All sentences are classified according to their purpose in a sentence. Imperative and exclamatory sentences are two of the four types of sentences. Both are different from the other two types, which are interrogative and declarative sentences.
Imperative sentences are used to give commands or make requests, while exclamatory sentences are used to convey strong emotion.
Four Types of Sentences
Sentences are classified according to their discourse function – that is, the sentence's purpose in a conversation or text. There are four types of sentences: declarative, interrogative, imperative and exclamatory. Each of these has a different function and often requires different punctuation. You're most likely already familiar with all of these types without being aware of it. Learning to recognize the different types of sentences will allow you to use them more effectively in your writing.
Exclamatory vs. Imperative Sentences
Exclamatory sentences may also convey information like declarative sentences, but their main purpose is to convey strong emotion. Exclamatory sentences end with an exclamation mark instead of a period. For instance, compare the two sentences below.
Mandy is going to have a baby.
Mandy is going to have a baby!
Both of them convey the same fact, but the purpose in each sentence is completely different. The first sentence simply states the fact without any clear emotion behind it. Perhaps it is used in a context where the speaker explains why Mandy won’t be able to work next year: because she is going to have a baby. The primary purpose of the second sentence, which is an exclamatory sentence, is to convey emotion.
Exclamatory sentences often begin with the word “what” or “how,” but that’s not always the case. These are some more examples of exclamatory sentences:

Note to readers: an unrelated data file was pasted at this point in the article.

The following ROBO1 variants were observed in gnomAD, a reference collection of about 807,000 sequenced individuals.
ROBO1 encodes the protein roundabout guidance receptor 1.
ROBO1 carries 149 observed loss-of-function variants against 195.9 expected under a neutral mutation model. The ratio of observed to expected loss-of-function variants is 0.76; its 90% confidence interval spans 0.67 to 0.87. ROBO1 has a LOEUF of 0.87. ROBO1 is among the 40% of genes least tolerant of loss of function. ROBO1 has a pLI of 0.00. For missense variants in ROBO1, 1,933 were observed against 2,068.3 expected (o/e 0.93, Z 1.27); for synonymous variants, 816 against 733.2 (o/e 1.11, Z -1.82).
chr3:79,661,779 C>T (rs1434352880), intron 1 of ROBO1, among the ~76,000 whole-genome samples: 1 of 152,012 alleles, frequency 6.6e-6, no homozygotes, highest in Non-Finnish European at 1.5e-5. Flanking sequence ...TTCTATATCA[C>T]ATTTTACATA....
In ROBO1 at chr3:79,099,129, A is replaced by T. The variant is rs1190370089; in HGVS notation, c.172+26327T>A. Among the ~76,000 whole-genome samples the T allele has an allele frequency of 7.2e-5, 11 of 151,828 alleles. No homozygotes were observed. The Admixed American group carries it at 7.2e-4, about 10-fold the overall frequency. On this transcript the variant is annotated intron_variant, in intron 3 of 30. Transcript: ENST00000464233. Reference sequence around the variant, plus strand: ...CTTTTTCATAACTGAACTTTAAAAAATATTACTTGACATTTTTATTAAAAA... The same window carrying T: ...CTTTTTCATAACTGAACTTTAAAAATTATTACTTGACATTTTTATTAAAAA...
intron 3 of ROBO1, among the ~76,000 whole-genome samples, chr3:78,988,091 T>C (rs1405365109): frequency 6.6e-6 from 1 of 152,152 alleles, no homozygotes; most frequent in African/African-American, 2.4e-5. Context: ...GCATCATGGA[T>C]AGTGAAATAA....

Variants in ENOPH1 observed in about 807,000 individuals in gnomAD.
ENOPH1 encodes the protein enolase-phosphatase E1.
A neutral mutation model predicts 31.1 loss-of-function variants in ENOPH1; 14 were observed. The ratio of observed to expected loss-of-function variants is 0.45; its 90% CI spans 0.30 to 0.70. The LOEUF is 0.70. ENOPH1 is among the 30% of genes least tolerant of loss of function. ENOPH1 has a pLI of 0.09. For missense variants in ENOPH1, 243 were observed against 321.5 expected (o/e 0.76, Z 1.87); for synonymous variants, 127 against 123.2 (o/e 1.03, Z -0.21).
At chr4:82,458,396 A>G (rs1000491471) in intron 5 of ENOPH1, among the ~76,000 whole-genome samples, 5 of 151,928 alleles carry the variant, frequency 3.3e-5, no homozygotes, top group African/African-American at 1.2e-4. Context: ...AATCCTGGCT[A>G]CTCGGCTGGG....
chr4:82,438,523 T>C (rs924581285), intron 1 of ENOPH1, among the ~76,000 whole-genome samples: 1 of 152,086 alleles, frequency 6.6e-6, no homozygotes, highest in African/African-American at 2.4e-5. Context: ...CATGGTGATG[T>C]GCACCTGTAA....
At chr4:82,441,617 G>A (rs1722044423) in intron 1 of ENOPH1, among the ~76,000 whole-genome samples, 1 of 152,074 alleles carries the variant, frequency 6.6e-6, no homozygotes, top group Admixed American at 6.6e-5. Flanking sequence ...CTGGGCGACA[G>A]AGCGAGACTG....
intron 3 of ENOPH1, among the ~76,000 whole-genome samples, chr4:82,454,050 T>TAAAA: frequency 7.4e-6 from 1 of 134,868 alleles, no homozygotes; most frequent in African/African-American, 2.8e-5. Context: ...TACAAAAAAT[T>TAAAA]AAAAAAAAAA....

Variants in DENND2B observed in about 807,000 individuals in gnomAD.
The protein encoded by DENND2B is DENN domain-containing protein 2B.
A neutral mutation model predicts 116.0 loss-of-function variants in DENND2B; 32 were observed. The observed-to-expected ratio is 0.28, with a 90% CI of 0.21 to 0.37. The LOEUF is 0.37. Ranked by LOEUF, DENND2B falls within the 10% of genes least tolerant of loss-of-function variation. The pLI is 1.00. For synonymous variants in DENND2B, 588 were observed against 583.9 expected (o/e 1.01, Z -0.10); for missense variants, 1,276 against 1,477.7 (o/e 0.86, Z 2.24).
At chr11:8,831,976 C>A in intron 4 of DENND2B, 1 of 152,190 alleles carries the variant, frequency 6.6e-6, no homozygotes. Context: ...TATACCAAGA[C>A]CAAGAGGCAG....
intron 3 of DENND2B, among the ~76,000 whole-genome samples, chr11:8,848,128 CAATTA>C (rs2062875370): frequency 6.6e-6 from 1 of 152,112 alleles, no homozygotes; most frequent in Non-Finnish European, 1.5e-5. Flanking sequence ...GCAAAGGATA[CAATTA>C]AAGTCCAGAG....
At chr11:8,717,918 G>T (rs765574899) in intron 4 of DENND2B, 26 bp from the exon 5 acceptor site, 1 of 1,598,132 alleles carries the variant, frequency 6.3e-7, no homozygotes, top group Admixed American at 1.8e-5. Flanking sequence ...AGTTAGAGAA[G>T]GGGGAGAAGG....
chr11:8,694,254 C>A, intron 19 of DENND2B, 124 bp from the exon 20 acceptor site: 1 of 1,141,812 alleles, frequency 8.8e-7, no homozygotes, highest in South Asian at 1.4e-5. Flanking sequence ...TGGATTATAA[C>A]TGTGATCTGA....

What wonderful weather!
You’re the best!
I can’t do this!
Exclamatory sentences are not used in academic writing but are common in creative writing that aims to convey emotion.
Imperative sentences are used to give commands or make requests. They may also include negation and can sometimes end with an exclamation mark. Examples of imperative sentences include:
Don’t do that!
Please leave the door open.
Close the door.
Leave the cat alone!
Imperative sentences may sometimes be formed as interrogatives or end with a tag question. This makes the request sound more polite, such as:
Shut the door, will you?
Would you mind shutting the door, please?
Declarative and Interrogative Sentences
Declarative sentences are the majority of the sentences that you see in a text. They are statements that are used to convey information, state facts, provide descriptions and so on. Some examples of simple declarative sentences include:
Johnny likes pizza.
I am looking forward to Christmas.
Mickey Mouse is my favorite Disney character.
I hope you can come visit again next year.
Declarative sentences are the ones used most often in academic writing. For instance:
This dissertation contributes to the growing body of research on the relationship between a dog’s emotional well being and political instability in their country of birth.
Smith (2015) correctly points out that Richardson’s (2013) reasoning is faulty.
Declarative sentences can also be a denial of a fact, in which case they use negation:
Johnny does not like pizza.
I am not looking forward to Christmas.
I haven’t done my homework.
My dog hasn’t been following commands lately.
Interrogative sentences, on the other hand, are used to ask questions. They end with a question mark. For example:
What time is it?
What’s your name?
Is it your book?
There are several types of interrogative sentences. Yes/no interrogatives begin with an auxiliary and require a “yes” or “no” response:
Are you hungry?
Should we see a movie?
Do you like popcorn?
"Wh" interrogatives are open-ended questions that begin with a "wh" word (one of the question words: “who,” “when,” “where,” etc.). Examples include:
What time is it?
Who won the game?
How do you make pancakes?
What’s your favorite movie?
Remember that interrogative, imperative and exclamatory sentences are not used in academic writing. However, if you are writing creatively, feel free to sprinkle your text with questions, emotions and commands.
Tanya Mozias Slavin is a former academic and language teacher. She writes articles about education and linguistic technology, and has published in the Washington Post, Fast Company, CBC and other places. Find her at www.tanyamoziasslavin.com